It was a very clever question. If Jesus approved of the tax, he would lose the support of all patriotic Jews, especially of the common people, who hated the foreign overlords; while if he disapproved of it, he would be revealed as a dangerous revolutionary against the established government. If he refused to answer, he would lose everyone’s respect. It was hard to see how he could escape. He had often slipped through their fingers before, but this time, surely they had him!

It was a very clever plot, but not quite clever enough. Jesus saw through it at once. Perceiving their wickedness, he said, “Why tempt ye me, ye hypocrites? Show me the tribute money.” Now the tribute had to be paid in Roman coinage, stamped with the image of the Emperor, and bearing the blasphemous inscription, “Tiberius Caesar, son of the deified Augustus.” As a symbol of foreign dominion, that coinage was generally hated. It could not be used, for instance, in the Temple at Jerusalem, but had to be exchanged outside. “Show me the tribute money.” “Whose is this image and superscription? They say unto him, Caesar’s. Then saith he unto them. Render therefore unto Caesar the things which are Caesar’s” — give him back his coinage —“and unto God the things that are God’s.” “When they had heard these words, they marvelled, and left him, and went their way.” One may imagine that their report was not very cheerfully received at head-quarters. Jesus’ answer was an extremely astute and highly ironical response to a malicious plot. It was by no means a recommendation that we should divide our allegiance between Caesar and God, because, in fact, all things are God’s, especially we ourselves who are stamped with God’s image: “Render unto God the things which are God’s.”

Thus, the basic message of today’s Gospel is that we belong to God, and must return ourselves to him. There can be no question of a divided allegiance: Caesar is not a God, whatever his pretensions. We do distinguish, of course, between Church and state, between sacred and secular, as neither ancient Jews nor ancient Romans did; but both are for God’s sake. As St. Paul says in today’s Epistle, “our conversation” — our true life — “is in heaven.” But as he also states elsewhere, ministers of state are ministers of God, too, charged with the good order and virtuous conduct of temporal affairs, an important matter so far as our eternal salvation is concerned.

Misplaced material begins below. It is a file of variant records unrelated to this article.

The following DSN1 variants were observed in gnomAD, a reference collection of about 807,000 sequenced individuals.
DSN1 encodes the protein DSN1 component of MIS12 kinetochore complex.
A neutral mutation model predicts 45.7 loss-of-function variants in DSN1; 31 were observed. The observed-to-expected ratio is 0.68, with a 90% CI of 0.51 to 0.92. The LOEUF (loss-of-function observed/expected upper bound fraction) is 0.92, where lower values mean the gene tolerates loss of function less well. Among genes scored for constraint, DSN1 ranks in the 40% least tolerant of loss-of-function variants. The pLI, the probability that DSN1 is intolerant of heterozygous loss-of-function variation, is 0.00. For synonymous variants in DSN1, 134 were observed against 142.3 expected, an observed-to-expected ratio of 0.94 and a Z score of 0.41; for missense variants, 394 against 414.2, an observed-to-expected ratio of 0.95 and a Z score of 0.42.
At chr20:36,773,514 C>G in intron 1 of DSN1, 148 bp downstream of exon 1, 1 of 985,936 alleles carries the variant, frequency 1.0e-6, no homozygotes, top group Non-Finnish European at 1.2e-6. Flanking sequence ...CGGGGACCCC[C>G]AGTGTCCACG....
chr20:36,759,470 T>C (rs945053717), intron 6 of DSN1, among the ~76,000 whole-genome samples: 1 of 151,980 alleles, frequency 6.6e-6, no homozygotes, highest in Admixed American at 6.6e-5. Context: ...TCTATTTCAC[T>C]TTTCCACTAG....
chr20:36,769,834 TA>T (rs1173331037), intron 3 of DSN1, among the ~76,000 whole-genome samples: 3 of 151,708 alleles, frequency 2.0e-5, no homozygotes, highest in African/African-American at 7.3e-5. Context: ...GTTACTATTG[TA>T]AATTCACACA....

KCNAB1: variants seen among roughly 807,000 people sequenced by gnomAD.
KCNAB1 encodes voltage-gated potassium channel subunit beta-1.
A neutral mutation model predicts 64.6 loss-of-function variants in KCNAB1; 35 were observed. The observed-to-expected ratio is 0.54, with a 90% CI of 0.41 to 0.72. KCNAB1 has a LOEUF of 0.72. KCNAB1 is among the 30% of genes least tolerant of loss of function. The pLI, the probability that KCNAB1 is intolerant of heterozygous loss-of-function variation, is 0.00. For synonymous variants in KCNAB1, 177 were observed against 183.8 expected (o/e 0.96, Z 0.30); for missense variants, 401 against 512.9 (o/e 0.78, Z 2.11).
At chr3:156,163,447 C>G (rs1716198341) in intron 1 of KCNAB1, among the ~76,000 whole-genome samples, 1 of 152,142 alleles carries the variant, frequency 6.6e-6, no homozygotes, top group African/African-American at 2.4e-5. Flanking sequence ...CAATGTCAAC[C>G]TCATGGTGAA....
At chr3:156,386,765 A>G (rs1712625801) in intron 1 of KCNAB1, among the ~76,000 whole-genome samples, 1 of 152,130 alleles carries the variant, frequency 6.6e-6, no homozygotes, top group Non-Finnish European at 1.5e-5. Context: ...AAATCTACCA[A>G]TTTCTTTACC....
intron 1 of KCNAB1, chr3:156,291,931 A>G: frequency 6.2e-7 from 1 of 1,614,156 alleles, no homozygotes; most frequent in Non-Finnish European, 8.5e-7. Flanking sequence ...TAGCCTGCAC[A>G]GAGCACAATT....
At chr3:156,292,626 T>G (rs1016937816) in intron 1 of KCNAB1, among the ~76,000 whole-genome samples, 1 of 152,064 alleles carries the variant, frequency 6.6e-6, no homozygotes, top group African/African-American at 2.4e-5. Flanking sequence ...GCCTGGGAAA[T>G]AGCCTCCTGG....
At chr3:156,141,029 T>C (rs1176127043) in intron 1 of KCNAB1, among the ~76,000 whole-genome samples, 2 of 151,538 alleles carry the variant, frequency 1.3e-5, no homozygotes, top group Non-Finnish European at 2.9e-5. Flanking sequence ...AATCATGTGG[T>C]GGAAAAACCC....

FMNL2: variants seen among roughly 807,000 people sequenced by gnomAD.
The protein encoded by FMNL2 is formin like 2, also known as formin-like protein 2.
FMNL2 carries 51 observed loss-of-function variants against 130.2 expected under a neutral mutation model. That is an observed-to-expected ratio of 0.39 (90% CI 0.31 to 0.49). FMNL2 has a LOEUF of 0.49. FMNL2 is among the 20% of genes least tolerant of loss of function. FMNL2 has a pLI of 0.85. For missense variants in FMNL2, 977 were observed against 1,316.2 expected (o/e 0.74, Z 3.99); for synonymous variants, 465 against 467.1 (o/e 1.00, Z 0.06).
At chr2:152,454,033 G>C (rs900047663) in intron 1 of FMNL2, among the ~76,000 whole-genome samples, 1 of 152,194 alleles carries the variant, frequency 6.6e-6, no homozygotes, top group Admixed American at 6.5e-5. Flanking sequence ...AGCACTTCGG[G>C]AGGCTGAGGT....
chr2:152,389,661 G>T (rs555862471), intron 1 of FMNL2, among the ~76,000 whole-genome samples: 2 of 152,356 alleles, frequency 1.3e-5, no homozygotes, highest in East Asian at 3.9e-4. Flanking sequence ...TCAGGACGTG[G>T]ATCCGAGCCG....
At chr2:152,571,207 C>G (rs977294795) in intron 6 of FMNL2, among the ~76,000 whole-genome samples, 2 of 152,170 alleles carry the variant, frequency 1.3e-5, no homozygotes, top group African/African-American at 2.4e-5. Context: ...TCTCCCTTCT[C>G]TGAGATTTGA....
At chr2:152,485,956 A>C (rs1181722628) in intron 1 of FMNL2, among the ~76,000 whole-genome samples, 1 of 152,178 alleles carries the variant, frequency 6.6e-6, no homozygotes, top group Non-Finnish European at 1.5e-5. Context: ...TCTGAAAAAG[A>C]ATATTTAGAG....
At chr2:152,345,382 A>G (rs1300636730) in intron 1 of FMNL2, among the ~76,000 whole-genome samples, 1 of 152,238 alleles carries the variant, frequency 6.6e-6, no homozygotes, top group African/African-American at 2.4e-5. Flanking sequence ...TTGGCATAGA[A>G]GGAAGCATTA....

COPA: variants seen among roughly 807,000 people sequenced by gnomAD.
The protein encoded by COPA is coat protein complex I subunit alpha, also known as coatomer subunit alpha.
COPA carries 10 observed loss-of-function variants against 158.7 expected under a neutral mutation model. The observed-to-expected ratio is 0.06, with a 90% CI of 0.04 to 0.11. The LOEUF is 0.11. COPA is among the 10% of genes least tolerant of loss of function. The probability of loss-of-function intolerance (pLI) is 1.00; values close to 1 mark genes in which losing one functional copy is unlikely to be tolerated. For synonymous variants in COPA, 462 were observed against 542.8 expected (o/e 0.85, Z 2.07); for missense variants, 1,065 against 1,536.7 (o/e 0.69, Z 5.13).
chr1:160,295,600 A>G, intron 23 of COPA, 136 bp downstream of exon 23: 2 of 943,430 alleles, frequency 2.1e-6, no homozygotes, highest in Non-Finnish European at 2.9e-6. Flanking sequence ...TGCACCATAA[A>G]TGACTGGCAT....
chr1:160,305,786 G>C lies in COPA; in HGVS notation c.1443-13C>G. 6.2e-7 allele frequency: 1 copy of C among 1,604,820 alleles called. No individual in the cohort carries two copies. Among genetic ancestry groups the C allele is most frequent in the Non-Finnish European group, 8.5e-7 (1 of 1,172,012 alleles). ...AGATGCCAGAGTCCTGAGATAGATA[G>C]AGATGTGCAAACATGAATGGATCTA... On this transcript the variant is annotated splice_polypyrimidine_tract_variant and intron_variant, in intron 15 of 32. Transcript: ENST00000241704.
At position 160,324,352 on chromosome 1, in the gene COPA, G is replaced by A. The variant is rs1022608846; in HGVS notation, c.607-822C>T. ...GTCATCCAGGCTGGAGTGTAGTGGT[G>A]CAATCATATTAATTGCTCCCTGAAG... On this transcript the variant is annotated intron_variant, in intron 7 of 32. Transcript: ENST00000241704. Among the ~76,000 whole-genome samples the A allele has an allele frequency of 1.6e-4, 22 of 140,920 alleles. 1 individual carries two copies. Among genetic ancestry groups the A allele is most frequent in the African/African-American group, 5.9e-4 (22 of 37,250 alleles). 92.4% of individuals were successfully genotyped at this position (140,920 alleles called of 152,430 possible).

For us, Church and state are distinct; and, indeed, it is dangerous to confuse the two, as the contemporary Church seems sometimes in danger of doing. They are distinct, and each has its function in the one divine ordering of things.

But our spiritual life is one, expressing itself in both civic and religious occupations. One cannot really be a Christian on Sunday and a pagan on Monday, and it’s spiritually disastrous to attempt that split. In every activity, whether sacred or secular, it is our duty to render to God our whole selves, the image which is his. Our offices and duties are many, but our allegiance is one: “Render unto God the things which are God’s.”